When remote work opportunities brought Austin Wilson to Kansas City in 2019, playing the role of founder wasn’t yet on his mind — until he met a community of starters willing to do anything it took to make their city in the image of innovation, he recalled.
“There’s no better time for innovation than in a pandemic. I know that’s kind of dark, but I believe it to be true. Digital transformation has had to accelerate,” Wilson said, recalling his experience amid the COVID-19 pandemic and his decision to forge past its challenges to found GovTech Labs (GTL).
The effort is an emerging think tank designed to bridge gaps between cities and startups, providing founders with the critical resources and guidance needed to prevent venture failure in a high-risk space.
“I’ve been thinking about this for the last nine or 10 months,” Wilson said, noting career changes — including his remote-exit as head of sales and director of city innovation at San Francisco-based Urban Leap, which first brought him to Kansas City.
Click here to read a Startland News “New in KC” feature on Wilson.
“KC’s GovTech scene is really starting to blossom. There’s some really amazing tech that’s starting to explode out of this region,” he said, noting on the rise ventures that include Daupler and the Keystone Innovation District.
“GTL is really excited to be able to partner with tech companies that are local. I really hope to see KC become a [proving ground] of innovative technology and GTL hopes to be able to say, ‘We’re here to support you,’ and help bring in innovative solutions from all the over the world to solve challenges for all its residents,” he said.
“Some companies want to work on processes and playbooks. it really just depends on the organization, but overall, I’ve noticed any sort of advocacy seems to be greatly appreciated.”
Largely present in Kansas City and committed to hiring local, Wilson plans to hire nationally as the company scales.
“As somebody who’s a fan of distributed teams, it would be contradictory for me to say we’ll only hire in KC. This is [I hope] exciting for the remote world,” he said.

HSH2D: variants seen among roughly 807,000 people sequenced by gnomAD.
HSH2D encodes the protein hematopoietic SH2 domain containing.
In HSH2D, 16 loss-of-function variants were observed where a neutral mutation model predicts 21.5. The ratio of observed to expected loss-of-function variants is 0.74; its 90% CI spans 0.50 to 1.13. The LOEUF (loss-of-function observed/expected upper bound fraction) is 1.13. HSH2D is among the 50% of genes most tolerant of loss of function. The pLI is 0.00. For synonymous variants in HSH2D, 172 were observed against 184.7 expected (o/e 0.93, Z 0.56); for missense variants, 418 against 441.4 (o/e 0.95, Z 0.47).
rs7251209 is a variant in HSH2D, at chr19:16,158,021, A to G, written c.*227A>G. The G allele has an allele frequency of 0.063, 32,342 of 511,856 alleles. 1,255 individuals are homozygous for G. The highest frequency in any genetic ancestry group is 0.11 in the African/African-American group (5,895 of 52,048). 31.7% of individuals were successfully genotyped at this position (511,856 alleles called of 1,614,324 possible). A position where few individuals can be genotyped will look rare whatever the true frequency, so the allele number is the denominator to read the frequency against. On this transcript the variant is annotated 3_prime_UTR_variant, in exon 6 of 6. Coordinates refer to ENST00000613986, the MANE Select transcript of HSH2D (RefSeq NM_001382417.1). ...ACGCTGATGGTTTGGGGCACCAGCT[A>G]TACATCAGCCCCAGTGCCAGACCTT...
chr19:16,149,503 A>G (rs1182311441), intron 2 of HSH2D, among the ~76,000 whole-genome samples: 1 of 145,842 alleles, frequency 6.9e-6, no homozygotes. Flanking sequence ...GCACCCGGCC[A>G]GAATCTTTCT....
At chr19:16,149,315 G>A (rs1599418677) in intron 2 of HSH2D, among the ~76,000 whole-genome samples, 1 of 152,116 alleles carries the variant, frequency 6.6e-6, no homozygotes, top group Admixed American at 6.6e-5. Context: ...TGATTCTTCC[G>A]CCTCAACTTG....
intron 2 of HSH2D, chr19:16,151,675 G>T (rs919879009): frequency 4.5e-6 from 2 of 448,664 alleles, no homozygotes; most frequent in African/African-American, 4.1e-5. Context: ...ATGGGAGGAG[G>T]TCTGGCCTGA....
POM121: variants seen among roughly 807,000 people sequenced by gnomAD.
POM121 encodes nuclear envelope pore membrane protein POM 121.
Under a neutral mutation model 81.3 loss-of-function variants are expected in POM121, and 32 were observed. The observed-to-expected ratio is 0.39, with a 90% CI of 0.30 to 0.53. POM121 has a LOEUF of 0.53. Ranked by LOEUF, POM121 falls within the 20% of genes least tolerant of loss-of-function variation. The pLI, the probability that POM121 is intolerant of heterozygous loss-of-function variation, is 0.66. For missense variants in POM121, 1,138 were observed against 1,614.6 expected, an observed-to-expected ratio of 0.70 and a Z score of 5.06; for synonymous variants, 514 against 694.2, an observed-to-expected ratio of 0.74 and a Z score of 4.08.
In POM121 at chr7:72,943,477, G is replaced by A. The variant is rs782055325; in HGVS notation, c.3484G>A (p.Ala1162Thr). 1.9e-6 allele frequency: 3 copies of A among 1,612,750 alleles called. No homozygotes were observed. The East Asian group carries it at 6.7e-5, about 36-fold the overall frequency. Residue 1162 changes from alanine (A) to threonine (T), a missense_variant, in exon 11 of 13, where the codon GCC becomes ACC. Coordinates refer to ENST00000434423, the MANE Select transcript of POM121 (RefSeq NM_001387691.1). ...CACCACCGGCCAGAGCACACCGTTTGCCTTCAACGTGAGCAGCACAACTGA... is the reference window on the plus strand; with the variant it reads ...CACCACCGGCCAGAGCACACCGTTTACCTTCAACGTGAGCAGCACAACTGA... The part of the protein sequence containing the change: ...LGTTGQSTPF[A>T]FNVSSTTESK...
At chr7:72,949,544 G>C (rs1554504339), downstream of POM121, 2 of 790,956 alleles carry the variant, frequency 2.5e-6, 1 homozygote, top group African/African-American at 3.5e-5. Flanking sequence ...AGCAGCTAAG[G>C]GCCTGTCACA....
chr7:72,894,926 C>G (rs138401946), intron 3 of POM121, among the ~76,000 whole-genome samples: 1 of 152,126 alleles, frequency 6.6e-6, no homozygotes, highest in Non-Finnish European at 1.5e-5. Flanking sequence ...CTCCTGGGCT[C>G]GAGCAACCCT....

“It’s funny, people that worked remotely prior to the pandemic were looked at as like a strange breed of workers, at home on their couch in sweatpants. A lot of people didn’t really understand what being a remote worker really was in terms of how much quality of life you could get back.”
While Kansas City’s innovation climate was ripe to house a company like GTL, Wilson said, it wouldn’t be preparing to launch if it wasn’t for John Boucard, founder and CEO of Tesseract Ventures, one of Startland News’ Kansas City Startups to Watch in 2020..
“I had just made up my mind that I was going to be leaving the last company I was at, as their director of sales and I met up with [Boucard] and we talked for a few hours — social distanced and with masks,” he said of the conversation, guided heavily by Wilson’s desire to launch something of his own but still laced with uncertainty of what to expect.
Click here to read why John Boucard believes Kansas City is the next great American tech city.
“A lot of things needed to align for me to execute and the inspiration I received that night, from that conversation with John,” Wilson said. “I woke up the next morning and everything clicked for me. Within 72 hours, I had my paperwork and I was up and running and ready to go.”
As the company prepares to announce its first customers, Wilson said he hopes Kansas City takes a look at its past as it uses innovation to shape its future.
“2020 put a much needed spotlight on this country and right now we’re at a tipping point. As we enter the Fourth Industrial Revolution — which is going to change the world as we know it — I think it’s important for anybody working in KC, anybody new in KC to take a long look in the mirror,” he said.
“Look at the roots, the history, call it like it is — the good, the bad, the ugly, as we take the city into the future. We have to analyze the historical and the present data in order to be more prescriptive about how we deliver meaningful outcomes to all the residents in KC of the future.”